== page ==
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Medium Dawn Felagund of the Fountain

It's Blog for Choice Day!

The (Cyber) Bag of Weasels

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"About as much fun as a bag of weasels"...when I first saw this Irish adage, it made me think of the life of a writer: sometimes perilous, sometimes painful, certainly interesting. My paper journal has always been called "The Bag of Weasels." This is the Bag of Weasels' online home.

It's Blog for Choice Day!

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can of worms
Today is the anniversary of the Roe v. Wade Supreme Court decision that protected women's legal right to reproductive choice. I am pro-choice, and this is an important issue to me. I'm one of those voters for whom it is a dealbreaker: I will not vote for a politician who is anti-choice.

The reason is pretty straightforward: I think I am worth the right to choose what to do with my own body. I find the anti-choice mentality quite insulting, honestly, on several levels.

First is that my life is of equal or lesser value than that of a fetus. I am a wife, a sister, a daughter, and a friend. I have spent decades making my life and relationships what they are. I do work that I believe is important, both as a teacher and an artist. I am not the equal of an unborn clump of cells; I find the very idea insulting.

I am more than a vessel for a fetus. I am more than a source of "food and climate control" (the infamous Todd Akin's view of what pregnancy entails) for a potential future life. My impact on the world is and will continue to be greater than my ability to reproduce.

Second is that I am capable of making my own moral and ethical decisions. I do not need someone else's religion, god, morals, or beliefs to make my decisions for me. Anti-choicers like to project the aura that they've a monopoly on thoughtful consideration of the ethics surrounding abortion. They don't. I remember debating abortion with my best friend in middle school. I was "pro-life" then. I soon came to realize that being pro-life--for I am truly pro-life, unlike people who would outlaw abortion while defending the death penalty, unregulated access to firearms, and the next war--meant supporting safe, legal access to abortion for all women. One cannot be pro-life and support policies that promote back-alley abortions, deadly home abortions, higher maternal mortality rates, increased birthrates in countries where food and water shortages are already pressing issues, and decreased access to contraception (which results in a higher abortion rate). One cannot be pro-life and simultaneously against universal health care and food assistance for children and families.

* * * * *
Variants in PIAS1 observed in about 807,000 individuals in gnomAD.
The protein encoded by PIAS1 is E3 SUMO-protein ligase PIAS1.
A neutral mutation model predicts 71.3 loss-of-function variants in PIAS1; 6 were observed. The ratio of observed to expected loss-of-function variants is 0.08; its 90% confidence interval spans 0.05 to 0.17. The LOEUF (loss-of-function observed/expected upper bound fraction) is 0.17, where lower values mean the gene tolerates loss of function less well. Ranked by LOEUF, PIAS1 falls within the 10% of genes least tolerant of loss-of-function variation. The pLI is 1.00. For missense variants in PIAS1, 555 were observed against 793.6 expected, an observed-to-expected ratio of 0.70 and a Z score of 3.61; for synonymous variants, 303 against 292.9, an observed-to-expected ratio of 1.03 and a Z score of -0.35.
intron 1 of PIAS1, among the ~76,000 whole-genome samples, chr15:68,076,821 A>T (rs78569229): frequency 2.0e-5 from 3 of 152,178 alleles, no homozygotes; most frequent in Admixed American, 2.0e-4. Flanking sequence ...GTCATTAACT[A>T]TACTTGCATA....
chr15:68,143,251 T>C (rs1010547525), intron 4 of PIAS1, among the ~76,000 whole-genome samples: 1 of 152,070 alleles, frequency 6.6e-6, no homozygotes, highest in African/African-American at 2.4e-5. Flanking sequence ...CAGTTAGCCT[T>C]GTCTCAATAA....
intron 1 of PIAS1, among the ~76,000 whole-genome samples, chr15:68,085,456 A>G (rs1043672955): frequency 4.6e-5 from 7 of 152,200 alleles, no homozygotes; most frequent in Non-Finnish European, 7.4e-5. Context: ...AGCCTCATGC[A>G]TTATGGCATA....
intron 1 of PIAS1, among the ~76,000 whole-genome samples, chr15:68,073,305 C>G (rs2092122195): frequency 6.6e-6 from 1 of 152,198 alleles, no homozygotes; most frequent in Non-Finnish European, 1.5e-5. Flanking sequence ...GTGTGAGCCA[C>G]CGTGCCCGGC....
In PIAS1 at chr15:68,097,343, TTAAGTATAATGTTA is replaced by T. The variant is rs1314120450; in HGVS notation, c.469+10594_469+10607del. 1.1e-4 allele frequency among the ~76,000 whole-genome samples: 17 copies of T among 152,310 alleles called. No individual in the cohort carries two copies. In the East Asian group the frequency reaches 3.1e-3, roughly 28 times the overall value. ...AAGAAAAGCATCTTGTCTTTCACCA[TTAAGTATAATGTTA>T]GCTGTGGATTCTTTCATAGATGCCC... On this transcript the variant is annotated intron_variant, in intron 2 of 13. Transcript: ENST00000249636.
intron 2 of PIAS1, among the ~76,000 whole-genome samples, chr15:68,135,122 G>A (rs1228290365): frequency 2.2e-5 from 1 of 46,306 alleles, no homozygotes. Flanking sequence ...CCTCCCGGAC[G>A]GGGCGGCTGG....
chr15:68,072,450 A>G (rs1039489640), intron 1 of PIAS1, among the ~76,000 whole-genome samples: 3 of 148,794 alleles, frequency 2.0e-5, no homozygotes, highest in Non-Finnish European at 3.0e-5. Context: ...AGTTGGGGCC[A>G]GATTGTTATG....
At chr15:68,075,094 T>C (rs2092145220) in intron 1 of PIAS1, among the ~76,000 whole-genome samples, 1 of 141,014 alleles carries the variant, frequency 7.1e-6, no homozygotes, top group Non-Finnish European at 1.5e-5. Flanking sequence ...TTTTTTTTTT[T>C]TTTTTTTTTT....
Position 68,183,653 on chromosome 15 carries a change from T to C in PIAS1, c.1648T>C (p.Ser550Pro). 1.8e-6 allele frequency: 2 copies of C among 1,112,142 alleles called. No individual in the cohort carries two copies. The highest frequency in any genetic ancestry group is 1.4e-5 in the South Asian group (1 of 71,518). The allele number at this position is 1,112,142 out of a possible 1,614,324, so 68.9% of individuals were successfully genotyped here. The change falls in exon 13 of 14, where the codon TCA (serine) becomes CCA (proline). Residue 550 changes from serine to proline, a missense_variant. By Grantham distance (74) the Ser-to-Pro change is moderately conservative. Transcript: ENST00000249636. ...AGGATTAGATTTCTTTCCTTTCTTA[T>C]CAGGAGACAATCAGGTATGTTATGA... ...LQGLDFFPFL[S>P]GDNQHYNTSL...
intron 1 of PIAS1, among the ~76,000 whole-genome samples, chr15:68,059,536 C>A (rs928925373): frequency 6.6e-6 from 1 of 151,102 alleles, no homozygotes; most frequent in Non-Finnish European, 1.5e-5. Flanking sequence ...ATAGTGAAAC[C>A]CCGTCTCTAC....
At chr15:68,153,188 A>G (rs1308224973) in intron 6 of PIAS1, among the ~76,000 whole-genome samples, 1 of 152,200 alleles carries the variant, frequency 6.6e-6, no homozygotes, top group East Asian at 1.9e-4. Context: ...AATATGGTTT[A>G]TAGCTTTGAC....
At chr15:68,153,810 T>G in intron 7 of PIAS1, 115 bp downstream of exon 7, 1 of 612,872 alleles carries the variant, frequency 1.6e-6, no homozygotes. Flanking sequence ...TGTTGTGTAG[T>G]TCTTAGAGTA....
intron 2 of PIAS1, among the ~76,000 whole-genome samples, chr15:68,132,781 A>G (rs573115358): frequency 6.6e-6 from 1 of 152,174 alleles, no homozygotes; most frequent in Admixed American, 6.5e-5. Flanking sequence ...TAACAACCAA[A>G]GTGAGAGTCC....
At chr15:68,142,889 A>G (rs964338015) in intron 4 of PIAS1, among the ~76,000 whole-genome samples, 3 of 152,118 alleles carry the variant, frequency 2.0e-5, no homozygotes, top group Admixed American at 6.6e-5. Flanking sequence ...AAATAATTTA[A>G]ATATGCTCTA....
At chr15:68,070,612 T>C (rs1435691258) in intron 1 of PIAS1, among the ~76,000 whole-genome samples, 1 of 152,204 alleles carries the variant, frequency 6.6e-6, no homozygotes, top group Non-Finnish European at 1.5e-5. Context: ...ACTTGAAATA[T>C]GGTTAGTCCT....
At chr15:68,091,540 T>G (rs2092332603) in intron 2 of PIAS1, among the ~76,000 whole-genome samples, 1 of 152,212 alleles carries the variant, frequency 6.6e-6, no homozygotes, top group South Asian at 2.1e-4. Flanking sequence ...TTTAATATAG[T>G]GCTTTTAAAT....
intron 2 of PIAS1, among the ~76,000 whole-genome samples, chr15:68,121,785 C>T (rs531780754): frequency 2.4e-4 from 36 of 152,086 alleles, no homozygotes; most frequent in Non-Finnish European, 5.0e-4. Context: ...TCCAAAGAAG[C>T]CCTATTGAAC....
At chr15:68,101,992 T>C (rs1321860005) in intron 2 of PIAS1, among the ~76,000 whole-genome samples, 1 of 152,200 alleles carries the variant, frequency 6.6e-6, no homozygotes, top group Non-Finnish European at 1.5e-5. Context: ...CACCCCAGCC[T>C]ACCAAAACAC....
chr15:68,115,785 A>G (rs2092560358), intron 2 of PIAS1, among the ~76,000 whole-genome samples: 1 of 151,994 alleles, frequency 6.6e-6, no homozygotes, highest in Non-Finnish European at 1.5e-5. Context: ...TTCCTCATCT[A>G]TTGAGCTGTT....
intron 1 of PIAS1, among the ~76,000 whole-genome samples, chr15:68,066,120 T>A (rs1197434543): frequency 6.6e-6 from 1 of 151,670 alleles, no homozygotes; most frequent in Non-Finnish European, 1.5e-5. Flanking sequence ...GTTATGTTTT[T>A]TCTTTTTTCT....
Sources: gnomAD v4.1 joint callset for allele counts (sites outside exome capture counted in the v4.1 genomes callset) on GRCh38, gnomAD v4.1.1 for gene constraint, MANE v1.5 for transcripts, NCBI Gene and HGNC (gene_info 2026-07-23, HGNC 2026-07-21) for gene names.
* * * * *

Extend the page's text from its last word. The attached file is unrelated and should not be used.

That those who label themselves "pro-life" so rarely consider the disconnect between their relentless defense of the rights of fetuses and their disdain for the lives of people who have actually been born suggests that, far from having the most enlightened perspective, theirs is actually quite shallow. Most of them will cite religion as the reason for their beliefs yet probably cannot cite a single passage from the Bible in support of that belief. (Whereas I--not even a Christian--can point to several reminding them of their obligation to the poor and defenseless born human beings among us.)

I want the best possible world for all the living beings on the planet. I am willing to work and do my part to make that world a possibility. I believe that that is a world where life is truly treasured: It is wanted and it is protected and nurtured and allowed to reach its fullest potential. It is not simply the outcome of a biological trajectory.

That is why I am pro-choice.



This post was originally posted on Dreamwidth and, using my Felagundish Elf magic, crossposted to LiveJournal. You can comment here or there!

http://dawn-felagund.dreamwidth.org/309712.html
  • *applauds*

    I have nothing to add to this, except that I also define myself as "pro-life" and resent the appropriation of that label by people who define it solely in terms of controlling women's reproductive choices.
    • When I debated my friend about abortion in middle school, it was based less on my actual knowledge of the issue but more of my wanting to embrace the term "pro-life." Because I did truly think of myself that way! I was an animal rights activist and environmentalist, and I truly believed that all lives had value.